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AAPI Youth Rising is Making Waves

Image via AAPI Youth Rising Website

As we celebrate Asian American and Pacific Islander Heritage Month, there is a group of middle schoolers who are embracing their own heritage and making a difference. AAPI Youth Rising is about a year old and we have a feeling their work has only just begun.

On their website, their mission statement reads:
“AAPI Youth Rising is an organization founded by middle-schoolers. Our mission is to take small actions to make positive change in our communities. In March 2021, AAPI Youth Rising organized a 1,200+ person rally to bring awareness to the increase in xenophobia against Asians in America.” 

Our society has a history of racism against Asian cultures and in underestimating the power of representation in our arts and media. Now the next generation is taking charge. The founding group hails from Berkley, California and attends Black Pine Circle School. The head of the group, Mina said, “Originally I had a little idea to hang a sign in support of the AAPI community over the I-80, one of the busiest intersections in CA. This small idea evolved into the AAPI Youth Rising Rally.” She had hoped for at least 70 participants and over a thousand ended up attending.

Image via AAPI Youth Rising Website

Since then, students from across the United States have joined in as ambassadors and the group has a new project this year. They have brought attention to the fact there are very few Asian and Pacific Islander stories taught in schools.* The organization created a one hour lesson plan for schools to use to introduce the incredible history that they’re missing out on. You can sign up to commit to one day of celebrating AAPI Heritage and they’ll send you all the resources you need.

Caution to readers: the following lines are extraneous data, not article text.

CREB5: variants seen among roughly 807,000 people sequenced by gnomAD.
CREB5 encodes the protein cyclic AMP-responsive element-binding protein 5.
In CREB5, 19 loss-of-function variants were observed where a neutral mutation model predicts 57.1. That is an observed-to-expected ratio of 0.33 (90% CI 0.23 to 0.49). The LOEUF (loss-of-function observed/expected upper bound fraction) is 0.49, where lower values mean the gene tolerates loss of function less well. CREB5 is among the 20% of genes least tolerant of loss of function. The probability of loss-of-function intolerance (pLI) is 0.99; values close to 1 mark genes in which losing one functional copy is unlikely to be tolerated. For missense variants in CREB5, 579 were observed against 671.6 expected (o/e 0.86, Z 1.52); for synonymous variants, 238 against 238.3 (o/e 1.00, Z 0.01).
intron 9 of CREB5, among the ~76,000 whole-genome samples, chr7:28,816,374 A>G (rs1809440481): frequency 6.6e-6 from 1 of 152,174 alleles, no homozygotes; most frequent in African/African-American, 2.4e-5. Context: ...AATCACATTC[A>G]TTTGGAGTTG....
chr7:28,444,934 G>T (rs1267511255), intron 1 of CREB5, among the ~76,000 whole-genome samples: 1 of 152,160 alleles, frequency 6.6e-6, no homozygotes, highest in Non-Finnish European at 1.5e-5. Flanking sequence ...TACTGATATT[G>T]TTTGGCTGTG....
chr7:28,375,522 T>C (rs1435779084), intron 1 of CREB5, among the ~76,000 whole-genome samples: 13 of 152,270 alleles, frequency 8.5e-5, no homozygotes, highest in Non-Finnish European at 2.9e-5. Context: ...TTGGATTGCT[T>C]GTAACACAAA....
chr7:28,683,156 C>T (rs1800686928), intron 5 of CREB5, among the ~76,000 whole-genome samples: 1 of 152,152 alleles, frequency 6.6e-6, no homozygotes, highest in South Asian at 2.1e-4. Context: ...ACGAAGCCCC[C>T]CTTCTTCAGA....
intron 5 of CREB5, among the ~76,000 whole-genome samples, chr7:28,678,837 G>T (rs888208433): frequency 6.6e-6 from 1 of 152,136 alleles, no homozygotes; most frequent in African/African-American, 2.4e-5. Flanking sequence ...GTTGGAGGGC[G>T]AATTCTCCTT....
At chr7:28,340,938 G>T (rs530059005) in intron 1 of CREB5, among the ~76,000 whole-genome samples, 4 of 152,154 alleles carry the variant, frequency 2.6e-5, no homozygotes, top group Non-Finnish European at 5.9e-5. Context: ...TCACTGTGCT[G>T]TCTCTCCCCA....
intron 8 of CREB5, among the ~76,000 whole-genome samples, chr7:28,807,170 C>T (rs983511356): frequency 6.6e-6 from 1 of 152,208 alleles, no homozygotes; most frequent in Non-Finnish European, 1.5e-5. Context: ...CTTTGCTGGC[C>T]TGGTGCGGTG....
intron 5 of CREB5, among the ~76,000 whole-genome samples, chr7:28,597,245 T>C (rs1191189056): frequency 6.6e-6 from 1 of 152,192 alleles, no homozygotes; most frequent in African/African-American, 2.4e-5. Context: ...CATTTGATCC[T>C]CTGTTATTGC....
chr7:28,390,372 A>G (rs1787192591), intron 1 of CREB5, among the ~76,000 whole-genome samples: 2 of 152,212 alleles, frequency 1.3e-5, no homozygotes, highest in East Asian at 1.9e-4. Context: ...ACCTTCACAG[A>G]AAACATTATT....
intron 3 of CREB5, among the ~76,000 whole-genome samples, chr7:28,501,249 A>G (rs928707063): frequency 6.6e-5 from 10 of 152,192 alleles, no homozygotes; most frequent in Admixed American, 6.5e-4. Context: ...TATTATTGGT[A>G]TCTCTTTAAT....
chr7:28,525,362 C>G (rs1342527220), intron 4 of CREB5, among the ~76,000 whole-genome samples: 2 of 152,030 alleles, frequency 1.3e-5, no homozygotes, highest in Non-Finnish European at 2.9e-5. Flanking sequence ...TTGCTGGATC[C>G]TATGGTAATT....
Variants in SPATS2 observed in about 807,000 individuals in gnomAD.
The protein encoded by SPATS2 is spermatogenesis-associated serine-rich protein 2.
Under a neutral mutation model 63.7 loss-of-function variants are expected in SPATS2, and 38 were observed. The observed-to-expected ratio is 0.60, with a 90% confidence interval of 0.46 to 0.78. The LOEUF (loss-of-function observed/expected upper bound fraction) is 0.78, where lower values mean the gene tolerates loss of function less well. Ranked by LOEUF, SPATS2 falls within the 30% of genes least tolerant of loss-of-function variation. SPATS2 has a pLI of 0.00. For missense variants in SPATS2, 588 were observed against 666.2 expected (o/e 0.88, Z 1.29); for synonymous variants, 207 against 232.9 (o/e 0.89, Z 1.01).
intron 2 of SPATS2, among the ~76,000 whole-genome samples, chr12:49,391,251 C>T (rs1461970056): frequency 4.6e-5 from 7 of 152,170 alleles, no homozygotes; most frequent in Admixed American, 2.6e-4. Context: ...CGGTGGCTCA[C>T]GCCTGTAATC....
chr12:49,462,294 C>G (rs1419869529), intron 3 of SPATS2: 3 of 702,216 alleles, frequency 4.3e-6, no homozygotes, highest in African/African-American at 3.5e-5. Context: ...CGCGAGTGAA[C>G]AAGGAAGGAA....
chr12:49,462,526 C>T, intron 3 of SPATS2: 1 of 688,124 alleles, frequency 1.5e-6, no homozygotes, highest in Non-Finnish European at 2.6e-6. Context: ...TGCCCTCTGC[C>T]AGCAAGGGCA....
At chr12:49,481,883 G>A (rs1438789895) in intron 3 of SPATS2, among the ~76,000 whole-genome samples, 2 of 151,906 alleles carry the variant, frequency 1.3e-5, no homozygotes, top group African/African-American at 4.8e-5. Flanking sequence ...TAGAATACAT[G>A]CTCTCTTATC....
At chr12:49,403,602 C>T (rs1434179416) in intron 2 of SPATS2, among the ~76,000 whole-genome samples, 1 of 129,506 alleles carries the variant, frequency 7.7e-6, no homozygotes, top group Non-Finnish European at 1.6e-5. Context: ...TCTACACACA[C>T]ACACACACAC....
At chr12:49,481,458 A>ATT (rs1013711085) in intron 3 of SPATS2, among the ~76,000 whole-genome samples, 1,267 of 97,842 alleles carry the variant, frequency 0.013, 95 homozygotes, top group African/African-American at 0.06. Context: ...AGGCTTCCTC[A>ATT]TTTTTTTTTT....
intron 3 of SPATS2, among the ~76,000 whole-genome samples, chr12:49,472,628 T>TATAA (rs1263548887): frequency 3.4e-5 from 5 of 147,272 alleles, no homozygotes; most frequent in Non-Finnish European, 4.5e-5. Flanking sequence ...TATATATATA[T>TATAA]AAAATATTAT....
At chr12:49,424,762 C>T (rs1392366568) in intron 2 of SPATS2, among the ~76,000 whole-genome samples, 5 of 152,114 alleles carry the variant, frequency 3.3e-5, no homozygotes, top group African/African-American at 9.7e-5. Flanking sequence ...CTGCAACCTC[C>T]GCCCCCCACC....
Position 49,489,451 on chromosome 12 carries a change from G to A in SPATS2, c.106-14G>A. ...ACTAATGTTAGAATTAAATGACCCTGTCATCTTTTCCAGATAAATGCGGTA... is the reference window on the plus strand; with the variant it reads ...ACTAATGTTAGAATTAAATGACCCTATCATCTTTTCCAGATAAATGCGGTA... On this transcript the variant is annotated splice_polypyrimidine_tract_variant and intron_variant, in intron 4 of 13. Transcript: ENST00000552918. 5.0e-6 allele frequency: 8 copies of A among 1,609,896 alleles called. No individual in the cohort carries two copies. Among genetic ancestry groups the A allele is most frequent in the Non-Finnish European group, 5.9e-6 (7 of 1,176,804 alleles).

If you happen to be in the Bay Area, AAPI Youth Rising also has an art gallery, Our Diverse Voices Youth Art Showcase, going on at the E14 Gallery in Oakland, California. The work is made up of over 40 young artists who were inspired by the AB101 Mandate, that was passed last year and makes California the first state to require ethnic studies for students before graduation.

These kids give us hope that maybe we’re going to be okay. Generations of hate and lack of education have gone on for too long. It’s left a heaviness on people of color that is difficult to dismantle. However, changes are being made. Eyes are being opened and AAPI Rising is part of that shift. 

To learn more, participate, and find out how you can help them out, check out their website here.

* For more kids speaking up and asking for representation, here’s a video from AAPI high school kids and The Very Asian Foundation:


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